Taken
PG-13
Entertainment: +3
Acceptability: +1/2

Liam Neeson, Maggie Grace, Leland Orser, Jon Gries, David Warshofsky, Katie Cassidy, Holly Valance, and Famke Janssen. Action-adventure. Written by Luc Besson & Robert Mark Kamen. Directed by Pierre Morel.

FILM SYNOPSIS: Liam Neeson stars as Bryan Mills, an ex-government operative who has less than four days to find his kidnapped daughter, who has been taken on her first day of vacation in Paris. After four days, she will disappear into the world of sex slavery.

PREVIEW REVIEW: Bryan Mills is one tough ex-covert government agent. He’s more resourceful than James Bond, more clever than Dick Cheney, and more powerful than a locomotive. So from the get-go, you know he’s going to find his beloved daughter and that the white slavers are going to regret their chosen occupation.

Though the unfolding storyline is ludicrous, I was hooked from start to finish by the frenetic camera work, the swift, editing the lively pacing and visceral directional style, and Mr. Neeson’s commanding performance. It is action adventure at its best. And cathartic in a way, for if we could just send ten guys like Bryan Mills out into the world, they’d end terrorism of any kind for good.

While the violence is PG-13 rather than R, that’s merely because the camera doesn’t seem to focus on blood, and the editing is so quick, we’re unable to distinguish between those who get knocked out and those getting their necks broken. But if a little screen killing goes a long way with you, then you might want to avoid this one. Lots of people get whacked, one guy gets tortured by electrocution, and one more poor soul who thinks he’s escaped our hero’s vengeance gets hit by a bus.

Keep in mind; this is an action/adventure and not a study of the evil nature of human traffickers. We’re not meant to reason out what’s actually going on. For example: in one battle scene on a boat, after dispatching all the villain’s henchmen, we never learn who’s driving the boat. Nor do we have time to think about how the lead is managing to find people in so little time. In one scene, he constructs an IV drip to aid a drugged-up girl. What exactly the medication is we never learn, nor how he got the ingredients in this foreign land. Did he bring this juice with him from America? And although such a terrifying experience as being kidnapped, raped, junked up on drugs and sold into slavery might just traumatize a 17-year-old girl, by film’s end, this one is ready for a new adventure. But, if you can leave logic at home and are willing to embrace a suspension of disbelief, then you should have a nice time watching a good guy beat the crud out of a lot of bad guys.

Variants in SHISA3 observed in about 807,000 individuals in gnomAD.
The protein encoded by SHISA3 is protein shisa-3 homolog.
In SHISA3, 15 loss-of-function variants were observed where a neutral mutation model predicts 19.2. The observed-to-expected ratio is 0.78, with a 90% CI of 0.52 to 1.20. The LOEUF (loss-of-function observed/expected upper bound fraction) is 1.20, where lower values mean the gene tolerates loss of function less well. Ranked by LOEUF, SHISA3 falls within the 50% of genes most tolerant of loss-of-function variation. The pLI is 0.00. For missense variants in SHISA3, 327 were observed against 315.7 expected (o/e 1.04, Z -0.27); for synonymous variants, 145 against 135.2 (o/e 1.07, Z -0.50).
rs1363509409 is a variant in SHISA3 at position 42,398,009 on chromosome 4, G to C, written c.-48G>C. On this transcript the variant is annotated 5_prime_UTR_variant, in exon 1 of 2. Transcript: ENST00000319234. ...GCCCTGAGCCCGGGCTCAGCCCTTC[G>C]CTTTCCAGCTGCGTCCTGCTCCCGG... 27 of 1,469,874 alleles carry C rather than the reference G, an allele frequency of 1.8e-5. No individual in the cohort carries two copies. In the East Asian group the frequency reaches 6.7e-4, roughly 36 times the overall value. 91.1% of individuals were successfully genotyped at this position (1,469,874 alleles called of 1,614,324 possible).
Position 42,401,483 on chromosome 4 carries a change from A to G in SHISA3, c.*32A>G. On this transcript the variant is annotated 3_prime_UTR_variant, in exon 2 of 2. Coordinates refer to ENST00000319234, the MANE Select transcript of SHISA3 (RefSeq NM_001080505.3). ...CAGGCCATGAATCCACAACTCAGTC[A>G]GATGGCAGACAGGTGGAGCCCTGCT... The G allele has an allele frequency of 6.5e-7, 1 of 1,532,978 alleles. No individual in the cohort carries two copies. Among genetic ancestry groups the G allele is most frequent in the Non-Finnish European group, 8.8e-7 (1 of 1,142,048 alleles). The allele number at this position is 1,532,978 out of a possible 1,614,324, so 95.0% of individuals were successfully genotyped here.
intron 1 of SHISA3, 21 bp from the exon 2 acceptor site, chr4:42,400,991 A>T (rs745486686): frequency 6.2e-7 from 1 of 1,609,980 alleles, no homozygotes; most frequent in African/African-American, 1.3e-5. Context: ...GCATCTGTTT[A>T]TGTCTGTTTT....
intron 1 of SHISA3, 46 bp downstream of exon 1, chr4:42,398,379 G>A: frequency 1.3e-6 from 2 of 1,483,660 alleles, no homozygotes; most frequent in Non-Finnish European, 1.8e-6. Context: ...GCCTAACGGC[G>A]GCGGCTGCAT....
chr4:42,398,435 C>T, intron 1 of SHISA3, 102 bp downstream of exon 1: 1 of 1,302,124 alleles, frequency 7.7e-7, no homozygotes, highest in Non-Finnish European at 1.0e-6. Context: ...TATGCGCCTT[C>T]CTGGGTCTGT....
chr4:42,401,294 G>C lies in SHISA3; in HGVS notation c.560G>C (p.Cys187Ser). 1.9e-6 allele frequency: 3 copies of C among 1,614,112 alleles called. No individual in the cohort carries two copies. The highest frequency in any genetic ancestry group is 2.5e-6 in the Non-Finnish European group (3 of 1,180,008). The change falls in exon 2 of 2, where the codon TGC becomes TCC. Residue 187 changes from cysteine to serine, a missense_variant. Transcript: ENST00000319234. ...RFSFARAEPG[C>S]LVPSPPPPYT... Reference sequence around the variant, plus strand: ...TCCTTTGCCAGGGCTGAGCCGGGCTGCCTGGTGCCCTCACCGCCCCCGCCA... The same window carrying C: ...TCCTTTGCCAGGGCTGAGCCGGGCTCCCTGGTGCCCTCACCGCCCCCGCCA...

Preview Reviewer: Phil Boatwright
Distributor: 20th Century Fox

Summary
Crude Language: A couple of crude remarks.
Obscene Language: Other than the few minor expletives like “damn” and “hell,” the scriptwriter avoids much objectionable language; three s-words.
Profanity: One use of God’s name followed by a curse – this from our lead, who has managed to avoid any other offensive language throughout the film; the giddy vacationing teens often utter the expression “oh my God.”
Violence: A man is hit by a truck – this visual is jolting and real looking; the lead tortures a villain in order to get information about where his daughter is being kept; this torture consists of electrocution; bunches of baddies get shot, knifed, crunched in crashing cars and beaten up by the marauding vigilante looking for his kidnapped daughter; the lead wounds a female by shooting her in the arm in order to get information. Blood: Some blood, but not much considering the amount of dead bodies that pile up.
Sexual Intercourse: Two teenage girls are kidnapped for the purpose of selling them as sex slaves; that said, the filmmakers avoid exploitation; we do not see any graphic sexual activity, though it is implied that these girls have been raped; when the girls first arrive in France, one of them declares she is going to sleep with a guy she just met at the airport.
Nudity: None
Homosexual Conduct: None
Sexually Suggestive Action/Dialog: None
Drug Abuse: Social drinking; young women are seen drugged up in a makeshift brothel.
Other: Only one reason why I would suggest teenage girls see this movie – maybe they would be careful from then on not to accept a ride from a stranger. This movie doesn’t deal seriously with human trafficking. It should have.
Running Time: 90 minutes
Intended Audience: Older Teens and Above

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